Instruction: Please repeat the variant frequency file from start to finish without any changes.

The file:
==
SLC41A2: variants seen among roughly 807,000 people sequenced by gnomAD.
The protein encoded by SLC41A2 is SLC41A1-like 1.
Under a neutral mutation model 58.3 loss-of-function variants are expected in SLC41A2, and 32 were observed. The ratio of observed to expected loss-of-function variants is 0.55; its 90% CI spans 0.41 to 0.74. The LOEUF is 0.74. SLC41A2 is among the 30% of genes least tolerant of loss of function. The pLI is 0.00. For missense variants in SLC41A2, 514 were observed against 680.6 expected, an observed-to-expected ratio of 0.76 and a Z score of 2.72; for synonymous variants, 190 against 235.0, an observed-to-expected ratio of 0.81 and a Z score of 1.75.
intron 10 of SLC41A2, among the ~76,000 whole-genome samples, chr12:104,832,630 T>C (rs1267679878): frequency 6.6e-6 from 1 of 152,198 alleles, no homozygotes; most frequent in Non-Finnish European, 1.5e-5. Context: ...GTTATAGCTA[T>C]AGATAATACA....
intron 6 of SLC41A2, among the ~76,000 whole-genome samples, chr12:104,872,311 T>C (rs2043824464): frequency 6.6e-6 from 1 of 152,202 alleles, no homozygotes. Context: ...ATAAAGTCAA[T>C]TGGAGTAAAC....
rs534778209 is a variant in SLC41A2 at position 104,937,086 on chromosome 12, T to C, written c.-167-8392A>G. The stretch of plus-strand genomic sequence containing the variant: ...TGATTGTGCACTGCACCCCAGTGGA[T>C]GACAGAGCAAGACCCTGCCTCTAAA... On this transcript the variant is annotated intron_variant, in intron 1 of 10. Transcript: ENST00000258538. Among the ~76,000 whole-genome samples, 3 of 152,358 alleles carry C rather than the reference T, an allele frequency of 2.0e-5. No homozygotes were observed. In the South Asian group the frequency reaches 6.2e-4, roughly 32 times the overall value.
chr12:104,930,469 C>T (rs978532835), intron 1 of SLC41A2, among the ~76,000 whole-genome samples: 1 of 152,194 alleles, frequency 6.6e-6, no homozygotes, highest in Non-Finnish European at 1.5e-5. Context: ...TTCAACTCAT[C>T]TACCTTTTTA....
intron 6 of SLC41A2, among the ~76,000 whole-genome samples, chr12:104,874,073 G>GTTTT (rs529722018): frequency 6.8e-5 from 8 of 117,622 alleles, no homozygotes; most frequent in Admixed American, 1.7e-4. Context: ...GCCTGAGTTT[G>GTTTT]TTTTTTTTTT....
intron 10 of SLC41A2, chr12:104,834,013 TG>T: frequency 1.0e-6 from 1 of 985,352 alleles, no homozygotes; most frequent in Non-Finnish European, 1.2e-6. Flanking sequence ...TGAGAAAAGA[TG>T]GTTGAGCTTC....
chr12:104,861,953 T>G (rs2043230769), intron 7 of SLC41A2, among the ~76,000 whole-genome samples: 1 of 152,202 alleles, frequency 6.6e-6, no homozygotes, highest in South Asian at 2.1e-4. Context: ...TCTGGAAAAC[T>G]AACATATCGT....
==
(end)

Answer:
SLC41A2: variants seen among roughly 807,000 people sequenced by gnomAD.
The protein encoded by SLC41A2 is SLC41A1-like 1.
Under a neutral mutation model 58.3 loss-of-function variants are expected in SLC41A2, and 32 were observed. The ratio of observed to expected loss-of-function variants is 0.55; its 90% CI spans 0.41 to 0.74. The LOEUF is 0.74. SLC41A2 is among the 30% of genes least tolerant of loss of function. The pLI is 0.00. For missense variants in SLC41A2, 514 were observed against 680.6 expected, an observed-to-expected ratio of 0.76 and a Z score of 2.72; for synonymous variants, 190 against 235.0, an observed-to-expected ratio of 0.81 and a Z score of 1.75.
intron 10 of SLC41A2, among the ~76,000 whole-genome samples, chr12:104,832,630 T>C (rs1267679878): frequency 6.6e-6 from 1 of 152,198 alleles, no homozygotes; most frequent in Non-Finnish European, 1.5e-5. Context: ...GTTATAGCTA[T>C]AGATAATACA....
intron 6 of SLC41A2, among the ~76,000 whole-genome samples, chr12:104,872,311 T>C (rs2043824464): frequency 6.6e-6 from 1 of 152,202 alleles, no homozygotes. Context: ...ATAAAGTCAA[T>C]TGGAGTAAAC....
rs534778209 is a variant in SLC41A2 at position 104,937,086 on chromosome 12, T to C, written c.-167-8392A>G. The stretch of plus-strand genomic sequence containing the variant: ...TGATTGTGCACTGCACCCCAGTGGA[T>C]GACAGAGCAAGACCCTGCCTCTAAA... On this transcript the variant is annotated intron_variant, in intron 1 of 10. Transcript: ENST00000258538. Among the ~76,000 whole-genome samples, 3 of 152,358 alleles carry C rather than the reference T, an allele frequency of 2.0e-5. No homozygotes were observed. In the South Asian group the frequency reaches 6.2e-4, roughly 32 times the overall value.
chr12:104,930,469 C>T (rs978532835), intron 1 of SLC41A2, among the ~76,000 whole-genome samples: 1 of 152,194 alleles, frequency 6.6e-6, no homozygotes, highest in Non-Finnish European at 1.5e-5. Context: ...TTCAACTCAT[C>T]TACCTTTTTA....
intron 6 of SLC41A2, among the ~76,000 whole-genome samples, chr12:104,874,073 G>GTTTT (rs529722018): frequency 6.8e-5 from 8 of 117,622 alleles, no homozygotes; most frequent in Admixed American, 1.7e-4. Context: ...GCCTGAGTTT[G>GTTTT]TTTTTTTTTT....
intron 10 of SLC41A2, chr12:104,834,013 TG>T: frequency 1.0e-6 from 1 of 985,352 alleles, no homozygotes; most frequent in Non-Finnish European, 1.2e-6. Flanking sequence ...TGAGAAAAGA[TG>T]GTTGAGCTTC....
chr12:104,861,953 T>G (rs2043230769), intron 7 of SLC41A2, among the ~76,000 whole-genome samples: 1 of 152,202 alleles, frequency 6.6e-6, no homozygotes, highest in South Asian at 2.1e-4. Context: ...TCTGGAAAAC[T>G]AACATATCGT....